portion of the artwork for Stephen Massimilla's poetry

Stephen Massimilla’s Comments

These poems came in succession in the autumn two years ago, and I reworked them the following winter. Whatever was happening to me went into them. They are dark and fragmented. There was something unrelenting in the weather.

“In Pieces” takes place near a duck pond on the island where I grew up. It documents the limits of observation by presenting a lens that shatters.

“Cathedral” is partly about writing in the midst of flux and loss. It interrogates the notion that articulating what cannot be redeemed is itself redemptive. The blade of grass at the end of the poem harks back to Whitman.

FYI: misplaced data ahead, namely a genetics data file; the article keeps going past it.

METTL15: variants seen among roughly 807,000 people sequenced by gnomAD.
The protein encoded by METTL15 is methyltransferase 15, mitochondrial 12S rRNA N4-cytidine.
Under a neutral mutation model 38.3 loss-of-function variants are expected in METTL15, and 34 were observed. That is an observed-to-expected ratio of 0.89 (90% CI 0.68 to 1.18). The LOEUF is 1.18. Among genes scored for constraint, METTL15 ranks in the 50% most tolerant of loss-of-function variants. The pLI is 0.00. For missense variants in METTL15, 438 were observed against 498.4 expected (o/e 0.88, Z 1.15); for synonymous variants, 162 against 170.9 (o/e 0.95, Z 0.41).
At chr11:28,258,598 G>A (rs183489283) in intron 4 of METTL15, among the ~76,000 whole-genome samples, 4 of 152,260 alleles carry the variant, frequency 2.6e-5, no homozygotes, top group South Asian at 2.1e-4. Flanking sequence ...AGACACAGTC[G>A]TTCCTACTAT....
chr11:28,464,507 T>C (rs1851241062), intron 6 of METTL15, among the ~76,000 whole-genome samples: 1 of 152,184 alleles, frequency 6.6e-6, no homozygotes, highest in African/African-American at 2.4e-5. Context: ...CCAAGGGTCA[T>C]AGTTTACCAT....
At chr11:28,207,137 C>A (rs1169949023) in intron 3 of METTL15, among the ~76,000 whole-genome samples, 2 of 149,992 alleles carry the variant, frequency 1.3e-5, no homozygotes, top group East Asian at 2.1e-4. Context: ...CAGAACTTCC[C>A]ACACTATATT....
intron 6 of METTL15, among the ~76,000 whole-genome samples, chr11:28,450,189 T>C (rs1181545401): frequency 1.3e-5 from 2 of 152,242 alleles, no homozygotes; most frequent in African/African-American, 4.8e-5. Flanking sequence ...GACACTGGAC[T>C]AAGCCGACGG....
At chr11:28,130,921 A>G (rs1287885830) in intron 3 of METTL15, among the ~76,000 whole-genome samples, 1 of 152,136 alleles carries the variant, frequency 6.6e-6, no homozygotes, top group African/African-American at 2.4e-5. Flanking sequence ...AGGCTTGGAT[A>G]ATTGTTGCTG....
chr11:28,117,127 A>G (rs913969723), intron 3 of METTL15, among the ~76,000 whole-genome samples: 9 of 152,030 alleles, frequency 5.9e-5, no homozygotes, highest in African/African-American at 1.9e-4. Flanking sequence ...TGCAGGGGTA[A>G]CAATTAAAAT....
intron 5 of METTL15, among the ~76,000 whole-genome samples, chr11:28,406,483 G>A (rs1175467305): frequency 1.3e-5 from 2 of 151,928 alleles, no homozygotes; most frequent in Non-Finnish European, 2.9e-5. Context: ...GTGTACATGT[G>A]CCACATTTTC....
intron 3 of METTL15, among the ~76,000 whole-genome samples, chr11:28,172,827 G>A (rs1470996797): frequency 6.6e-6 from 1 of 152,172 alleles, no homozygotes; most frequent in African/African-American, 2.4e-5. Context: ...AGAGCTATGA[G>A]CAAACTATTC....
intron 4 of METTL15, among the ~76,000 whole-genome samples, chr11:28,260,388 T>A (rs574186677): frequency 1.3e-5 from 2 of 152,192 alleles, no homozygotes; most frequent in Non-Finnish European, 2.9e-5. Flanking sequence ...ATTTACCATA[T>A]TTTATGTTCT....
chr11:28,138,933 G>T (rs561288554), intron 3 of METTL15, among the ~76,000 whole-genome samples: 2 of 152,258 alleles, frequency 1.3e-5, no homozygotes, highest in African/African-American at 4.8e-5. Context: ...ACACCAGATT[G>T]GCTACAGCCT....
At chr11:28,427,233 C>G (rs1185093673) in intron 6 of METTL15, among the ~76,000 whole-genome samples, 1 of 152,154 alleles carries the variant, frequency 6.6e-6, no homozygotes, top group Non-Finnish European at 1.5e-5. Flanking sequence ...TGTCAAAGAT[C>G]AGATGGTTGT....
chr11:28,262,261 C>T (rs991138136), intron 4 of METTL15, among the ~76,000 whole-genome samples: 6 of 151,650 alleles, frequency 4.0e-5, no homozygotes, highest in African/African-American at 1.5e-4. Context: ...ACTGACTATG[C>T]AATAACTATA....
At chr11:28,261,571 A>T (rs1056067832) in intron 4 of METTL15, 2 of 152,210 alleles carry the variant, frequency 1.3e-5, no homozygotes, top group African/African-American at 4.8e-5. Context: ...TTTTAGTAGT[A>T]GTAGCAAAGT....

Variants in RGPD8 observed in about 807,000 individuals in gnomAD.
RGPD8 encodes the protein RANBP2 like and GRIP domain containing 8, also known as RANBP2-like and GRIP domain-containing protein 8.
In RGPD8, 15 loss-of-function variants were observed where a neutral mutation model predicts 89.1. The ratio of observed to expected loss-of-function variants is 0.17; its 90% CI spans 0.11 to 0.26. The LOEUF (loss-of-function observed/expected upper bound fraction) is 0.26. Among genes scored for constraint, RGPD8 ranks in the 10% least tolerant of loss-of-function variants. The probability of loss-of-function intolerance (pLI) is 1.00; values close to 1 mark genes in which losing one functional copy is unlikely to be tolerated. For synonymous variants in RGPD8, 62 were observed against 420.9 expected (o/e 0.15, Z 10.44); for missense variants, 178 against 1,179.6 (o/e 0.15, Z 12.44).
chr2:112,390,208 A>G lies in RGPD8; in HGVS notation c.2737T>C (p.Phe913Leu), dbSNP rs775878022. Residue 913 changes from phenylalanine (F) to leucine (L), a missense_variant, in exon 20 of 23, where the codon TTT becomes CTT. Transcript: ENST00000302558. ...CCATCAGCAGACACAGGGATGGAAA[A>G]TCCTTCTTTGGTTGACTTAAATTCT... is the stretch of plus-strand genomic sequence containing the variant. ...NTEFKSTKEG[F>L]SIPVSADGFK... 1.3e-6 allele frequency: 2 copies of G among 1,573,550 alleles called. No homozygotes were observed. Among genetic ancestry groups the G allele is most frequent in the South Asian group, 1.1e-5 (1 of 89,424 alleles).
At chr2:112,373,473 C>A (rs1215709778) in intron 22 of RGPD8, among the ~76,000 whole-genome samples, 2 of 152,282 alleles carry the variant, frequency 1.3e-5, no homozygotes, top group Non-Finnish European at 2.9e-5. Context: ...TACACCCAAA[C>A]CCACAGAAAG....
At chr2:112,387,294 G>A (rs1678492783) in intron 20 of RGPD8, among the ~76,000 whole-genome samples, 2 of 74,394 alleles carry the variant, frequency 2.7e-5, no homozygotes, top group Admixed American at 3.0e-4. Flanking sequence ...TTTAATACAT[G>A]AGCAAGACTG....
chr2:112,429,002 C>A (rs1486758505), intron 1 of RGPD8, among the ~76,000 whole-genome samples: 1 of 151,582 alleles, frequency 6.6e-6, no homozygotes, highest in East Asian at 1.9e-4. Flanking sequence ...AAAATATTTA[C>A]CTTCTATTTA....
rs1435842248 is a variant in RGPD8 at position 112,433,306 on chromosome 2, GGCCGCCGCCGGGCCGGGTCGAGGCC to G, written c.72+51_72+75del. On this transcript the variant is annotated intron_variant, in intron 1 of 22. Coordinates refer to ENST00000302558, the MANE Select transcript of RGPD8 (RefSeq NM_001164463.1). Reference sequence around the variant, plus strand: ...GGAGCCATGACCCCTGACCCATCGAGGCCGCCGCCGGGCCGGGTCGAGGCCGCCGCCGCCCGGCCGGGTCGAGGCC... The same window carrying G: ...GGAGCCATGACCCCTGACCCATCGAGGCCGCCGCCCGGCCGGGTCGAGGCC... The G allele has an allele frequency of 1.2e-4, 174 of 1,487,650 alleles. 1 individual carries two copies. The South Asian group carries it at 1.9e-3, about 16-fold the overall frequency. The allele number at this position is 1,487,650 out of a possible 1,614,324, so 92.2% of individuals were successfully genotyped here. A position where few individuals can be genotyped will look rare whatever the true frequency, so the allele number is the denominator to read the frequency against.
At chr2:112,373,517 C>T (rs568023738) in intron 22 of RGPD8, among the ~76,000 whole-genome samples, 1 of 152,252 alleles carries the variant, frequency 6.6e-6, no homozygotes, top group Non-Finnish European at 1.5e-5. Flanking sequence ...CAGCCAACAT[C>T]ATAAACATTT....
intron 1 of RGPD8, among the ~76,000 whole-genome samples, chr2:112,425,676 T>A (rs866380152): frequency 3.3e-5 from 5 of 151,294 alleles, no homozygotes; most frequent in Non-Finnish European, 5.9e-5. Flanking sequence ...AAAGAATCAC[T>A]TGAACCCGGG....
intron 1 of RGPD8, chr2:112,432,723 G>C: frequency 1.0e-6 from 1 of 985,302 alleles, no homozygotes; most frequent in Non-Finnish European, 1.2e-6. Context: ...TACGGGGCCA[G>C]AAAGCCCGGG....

“Frank Dark” is addressed in part to an old frenemy named Frank and in part to the dark side of the psyche, Himself. The opening was inspired by keynote lines from Eliot’s “Ash Wednesday.”

“Cynewulf Beneath the Hemlock Trees” bears the fingerprints and footprints of Arthurian lore. The title character may be a post-form of Lancelot as well as a stand-in for an archetypal poet. The female figure may be a hybrid of Morgause and the Muse. The poem was inspired not so much by everyday events as by the gorgeous impurity of the human condition as preached by a shade with the hair of a pythoness. She preaches about preserving self-startling signs of love, fear, loss and recklessness without embalming them.

“Southern Undertow” suggests an interaction between a husband and wife in Louisiana. The poem is informed by recent catastrophes in the region but is more about a state of mind than explicit occurrences. The center of consciousness moves from the mind of the husband to that of the wife to that of the former as pictured in the latter.

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FRiGG: A Magazine of Fiction and Poetry | Issue 31 | Winter 2011